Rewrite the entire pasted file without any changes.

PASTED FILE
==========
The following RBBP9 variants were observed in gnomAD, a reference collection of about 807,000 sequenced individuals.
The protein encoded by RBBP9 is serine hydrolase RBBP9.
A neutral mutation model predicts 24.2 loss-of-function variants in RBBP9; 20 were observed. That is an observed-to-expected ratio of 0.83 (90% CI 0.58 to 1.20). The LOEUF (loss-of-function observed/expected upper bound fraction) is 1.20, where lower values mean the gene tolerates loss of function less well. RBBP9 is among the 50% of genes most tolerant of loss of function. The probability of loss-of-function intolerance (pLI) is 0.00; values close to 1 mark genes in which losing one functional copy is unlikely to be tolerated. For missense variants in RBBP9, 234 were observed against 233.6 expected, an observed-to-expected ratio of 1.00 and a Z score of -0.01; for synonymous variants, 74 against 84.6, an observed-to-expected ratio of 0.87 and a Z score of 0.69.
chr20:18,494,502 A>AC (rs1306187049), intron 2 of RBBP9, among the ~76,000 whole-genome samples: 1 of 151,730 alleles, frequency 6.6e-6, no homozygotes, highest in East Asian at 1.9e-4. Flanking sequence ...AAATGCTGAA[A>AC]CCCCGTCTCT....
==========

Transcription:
The following RBBP9 variants were observed in gnomAD, a reference collection of about 807,000 sequenced individuals.
The protein encoded by RBBP9 is serine hydrolase RBBP9.
A neutral mutation model predicts 24.2 loss-of-function variants in RBBP9; 20 were observed. That is an observed-to-expected ratio of 0.83 (90% CI 0.58 to 1.20). The LOEUF (loss-of-function observed/expected upper bound fraction) is 1.20, where lower values mean the gene tolerates loss of function less well. RBBP9 is among the 50% of genes most tolerant of loss of function. The probability of loss-of-function intolerance (pLI) is 0.00; values close to 1 mark genes in which losing one functional copy is unlikely to be tolerated. For missense variants in RBBP9, 234 were observed against 233.6 expected, an observed-to-expected ratio of 1.00 and a Z score of -0.01; for synonymous variants, 74 against 84.6, an observed-to-expected ratio of 0.87 and a Z score of 0.69.
chr20:18,494,502 A>AC (rs1306187049), intron 2 of RBBP9, among the ~76,000 whole-genome samples: 1 of 151,730 alleles, frequency 6.6e-6, no homozygotes, highest in East Asian at 1.9e-4. Flanking sequence ...AAATGCTGAA[A>AC]CCCCGTCTCT....